Extend leave plan or face spiraling job losses, said Rishi Sunak | Politics

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Chancellor Rishi Sunak has been asked to extend the coronavirus wage subsidy program until September to avoid a spiral of job losses in Britain this summer.

Against a backdrop of increasing pressure on the government to provide continued support as the foreclosure measures are gradually lifted, the Resolution Foundation said the extension would cost the public treasury up to £ 48 billion but would prevent a further outbreak unemployment.

After Boris Johnson announced his plan for the gradual lifting of restrictions on Sunday, industry groups warned that it was incomplete without urgent details on the job retention program.

Lex Butler, president of the Association of Hotel Reservation Agents, said, “We must immediately know that the leave plan will be extended beyond the end of June and under what conditions. We need clarity now to avoid large-scale closings and job losses. “

Hotel workers are expected to return to work last, possibly starting in July.

Adam Marshall, Managing Director of British Chambers of Commerce, said: “Businesses should know that government support programs, which have saved millions of jobs in recent weeks, will continue as long as they are needed so you can plan ahead with confidence. “

Johnson told parliament on Monday that Sunak will announce details of the plan’s future on Tuesday. The Chancellor is expected to widely announce the phasing out of the program amid growing concern over its cost, which is around £ 14 billion a month.

Under this program, workers receive 80% of their wages up to £ 2,500 per month. Over 6 million people were protected in 800,000 businesses during the first two weeks of the program.

Options considered by the Treasury include reducing the level of support to 60% while allowing staff to work part of their hours.

The Resolution Foundation urged the government to allow “partial leave” as early as June, but said 80% support should also be maintained in the economy as a whole until at least August. It could then be gradually reduced.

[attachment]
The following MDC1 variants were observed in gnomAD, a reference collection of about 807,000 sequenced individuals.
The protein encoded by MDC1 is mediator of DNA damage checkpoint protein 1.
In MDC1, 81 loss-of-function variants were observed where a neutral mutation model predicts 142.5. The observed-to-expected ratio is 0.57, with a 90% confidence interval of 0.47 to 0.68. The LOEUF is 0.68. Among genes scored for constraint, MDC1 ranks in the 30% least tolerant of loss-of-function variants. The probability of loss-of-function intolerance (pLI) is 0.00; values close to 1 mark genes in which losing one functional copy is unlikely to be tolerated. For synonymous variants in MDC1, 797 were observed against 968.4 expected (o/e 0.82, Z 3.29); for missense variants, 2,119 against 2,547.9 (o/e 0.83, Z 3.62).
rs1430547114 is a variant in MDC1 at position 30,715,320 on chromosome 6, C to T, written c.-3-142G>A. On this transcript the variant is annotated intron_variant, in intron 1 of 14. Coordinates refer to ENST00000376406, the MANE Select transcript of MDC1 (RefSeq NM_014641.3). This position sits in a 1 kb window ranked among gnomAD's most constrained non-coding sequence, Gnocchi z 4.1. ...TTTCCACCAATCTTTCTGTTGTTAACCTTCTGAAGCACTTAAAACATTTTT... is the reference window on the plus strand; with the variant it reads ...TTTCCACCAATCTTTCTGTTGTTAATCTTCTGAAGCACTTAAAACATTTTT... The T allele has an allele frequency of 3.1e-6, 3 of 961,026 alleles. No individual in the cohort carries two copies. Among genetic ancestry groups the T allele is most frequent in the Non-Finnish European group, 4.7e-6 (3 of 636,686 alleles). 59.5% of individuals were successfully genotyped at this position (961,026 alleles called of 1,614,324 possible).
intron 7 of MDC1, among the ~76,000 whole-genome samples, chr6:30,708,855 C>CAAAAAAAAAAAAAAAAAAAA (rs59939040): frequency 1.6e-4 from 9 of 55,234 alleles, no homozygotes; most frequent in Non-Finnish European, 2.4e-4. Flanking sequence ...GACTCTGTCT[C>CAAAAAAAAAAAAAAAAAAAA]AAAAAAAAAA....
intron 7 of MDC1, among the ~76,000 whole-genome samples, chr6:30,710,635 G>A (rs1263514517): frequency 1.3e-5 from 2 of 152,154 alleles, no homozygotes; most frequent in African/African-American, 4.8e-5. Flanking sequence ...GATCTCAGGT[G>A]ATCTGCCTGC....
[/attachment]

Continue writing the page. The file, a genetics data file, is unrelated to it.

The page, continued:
However, the thinktank recommends that 80% support continue until at least September for companies in sectors where return to work will take longer, including hotels.

Sunak is under pressure from business leaders to provide an update this week as employers must allow at least 45 days to consult on layoffs of more than 100 employees. Businesses face May 18 to begin the layoff consultation process if leave is no longer available in July.

Torsten Bell, the executive director of the Resolution Foundation, said: “Acting too quickly could trigger a huge second wave of job losses at a time when unemployment already appears to be at its highest level in a quarter of a century.

“However, the program cannot last forever. It should be phased out, with a longer deadline for the most affected sectors. “

Johnson said on Sunday that it was time for sectors in which homework was not possible – including manufacturing and construction – to return to work.

But the British Metallurgy Confederation (CBM), which represents around 200 manufacturing companies across Britain, said it would take longer for the economy to recover and more financial support is needed then that production levels remain below normal.

The CBM said that up to 30% of the jobs (12,000) among its members could be lost if the aid was cut in late June.

Financial lobby group TheCityUK has said it expects UK companies to face unsustainable debt of up to £ 105 billion which should be managed before March next year.

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In addition to continued government support, the Bank of England has ordered large street banks to make more business loans to help them operate.

A spokesperson for the Treasury said the job retention program had already protected millions of jobs.

“Future decisions about the program will take into account the broader context of the measures in place, as well as the public health response,” they said. “We have been clear that there will be no cliff and people will be reintegrated into work in a measured way. “

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